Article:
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China’s better-than-expected economic data in June and a stronger pickup in consumption prompted several economists to raise their growth forecasts for the rest of the year.

Standard Chartered Plc, JPMorgan Chase & Co and ING Bank NV upgraded their projections, citing surprisingly strong activity last month and the central bank’s shift away from a policy tightening bias.

Data released Thursday showed China’s economy steadied in the second quarter with consumer spending and investment picking up. An industry breakdown of the data on Friday showed restaurants and hotels industries continued to expand at a solid pace of 17.1% last quarter, despite the fading of favorable base effects that skewed the figures in the first quarter.

There are positive signs the consumer recovery will continue, with Hui Shan, chief China economist at Goldman Sachs Group Inc. pointing to a drop in the household savings rate last quarter. The rise in savings up to the first quarter had held back consumption, but the decline last quarter was “encouraging,” she said in an interview on Bloomberg Television Friday.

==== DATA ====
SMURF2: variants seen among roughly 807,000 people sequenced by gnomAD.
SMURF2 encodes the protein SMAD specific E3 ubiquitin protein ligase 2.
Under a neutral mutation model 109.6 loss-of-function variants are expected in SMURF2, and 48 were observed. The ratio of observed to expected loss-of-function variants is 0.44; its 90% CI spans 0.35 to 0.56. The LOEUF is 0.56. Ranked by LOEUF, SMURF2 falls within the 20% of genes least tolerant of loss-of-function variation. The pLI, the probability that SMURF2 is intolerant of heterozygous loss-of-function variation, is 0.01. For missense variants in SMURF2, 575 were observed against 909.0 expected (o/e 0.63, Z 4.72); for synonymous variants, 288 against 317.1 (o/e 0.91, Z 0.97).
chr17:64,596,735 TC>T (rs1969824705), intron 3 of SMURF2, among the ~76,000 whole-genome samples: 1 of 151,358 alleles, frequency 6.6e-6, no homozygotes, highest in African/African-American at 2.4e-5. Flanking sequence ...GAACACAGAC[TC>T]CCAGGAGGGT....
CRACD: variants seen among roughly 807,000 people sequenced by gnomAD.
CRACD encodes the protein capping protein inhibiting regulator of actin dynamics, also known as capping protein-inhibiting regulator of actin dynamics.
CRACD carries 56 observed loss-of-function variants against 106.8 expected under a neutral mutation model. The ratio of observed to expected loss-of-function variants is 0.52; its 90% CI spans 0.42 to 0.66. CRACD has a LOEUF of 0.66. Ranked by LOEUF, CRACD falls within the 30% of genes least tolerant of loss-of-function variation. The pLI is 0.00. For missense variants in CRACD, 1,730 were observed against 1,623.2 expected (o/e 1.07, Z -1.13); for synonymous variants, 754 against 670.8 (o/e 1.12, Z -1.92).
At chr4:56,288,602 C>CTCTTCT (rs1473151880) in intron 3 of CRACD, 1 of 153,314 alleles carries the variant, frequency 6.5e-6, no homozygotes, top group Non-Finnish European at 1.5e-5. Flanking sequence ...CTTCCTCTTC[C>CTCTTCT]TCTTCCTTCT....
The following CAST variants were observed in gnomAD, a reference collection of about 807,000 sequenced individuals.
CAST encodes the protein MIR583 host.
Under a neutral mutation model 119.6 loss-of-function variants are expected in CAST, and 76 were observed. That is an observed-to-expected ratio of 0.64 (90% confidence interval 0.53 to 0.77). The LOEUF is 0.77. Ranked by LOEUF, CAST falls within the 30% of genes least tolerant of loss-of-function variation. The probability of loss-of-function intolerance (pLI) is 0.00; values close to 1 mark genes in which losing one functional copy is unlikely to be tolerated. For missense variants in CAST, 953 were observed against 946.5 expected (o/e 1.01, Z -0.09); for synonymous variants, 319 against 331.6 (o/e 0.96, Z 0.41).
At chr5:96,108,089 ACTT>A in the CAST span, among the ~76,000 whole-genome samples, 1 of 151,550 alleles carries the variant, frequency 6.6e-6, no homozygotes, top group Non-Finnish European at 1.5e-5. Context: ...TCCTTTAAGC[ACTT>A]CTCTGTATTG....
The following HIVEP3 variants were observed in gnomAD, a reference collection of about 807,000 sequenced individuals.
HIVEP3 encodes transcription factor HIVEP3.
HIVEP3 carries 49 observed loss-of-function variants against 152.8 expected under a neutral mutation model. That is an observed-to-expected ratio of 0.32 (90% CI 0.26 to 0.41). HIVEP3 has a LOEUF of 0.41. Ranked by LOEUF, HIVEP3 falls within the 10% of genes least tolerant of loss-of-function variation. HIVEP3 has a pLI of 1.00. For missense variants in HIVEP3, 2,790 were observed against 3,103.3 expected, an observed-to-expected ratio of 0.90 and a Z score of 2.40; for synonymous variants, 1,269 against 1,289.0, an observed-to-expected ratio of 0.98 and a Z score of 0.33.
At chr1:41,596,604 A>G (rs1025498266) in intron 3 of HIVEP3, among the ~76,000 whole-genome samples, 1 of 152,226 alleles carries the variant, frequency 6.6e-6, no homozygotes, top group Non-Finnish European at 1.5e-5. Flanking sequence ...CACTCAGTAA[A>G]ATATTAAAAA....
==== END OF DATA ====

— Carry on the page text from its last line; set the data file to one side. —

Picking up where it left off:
Still, the durability of the consumer recovery depends on the broader economy, she said.

“The government’s push in driving up consumption goes way beyond just thinking about consumption coupons or income transfer,” she said. “You need to have solid, good quality jobs to increase income. And that’s where we still need a strong manufacturing sector,” she said.

The GDP data eased fears of a deeper slowdown, which had been partly fueled by the central bank’s unexpected move last week to boost bank liquidity and warnings from top officials about cyclical risks.

“The slowdown angst is overdone,” Standard Chartered economists led by Li Wei wrote in a report. “With gross domestic product growth already close to its potential level, the government has placed greater emphasis on ensuring a more balanced recovery in 2021.”

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Here’s a summary of their views:

Growth risks remain in the second half of the year though, with authorities likely to keep a tight rein on the property market, local government financing vehicles and big tech companies. An uncertain outlook for global demand may also complicate the recovery.

Wang Tao, chief China economist at UBS Group AG in Hong Kong, downgraded her full-year growth forecast to about 8.5% from 9%, which is still comfortably above the government’s target of more than 6%.

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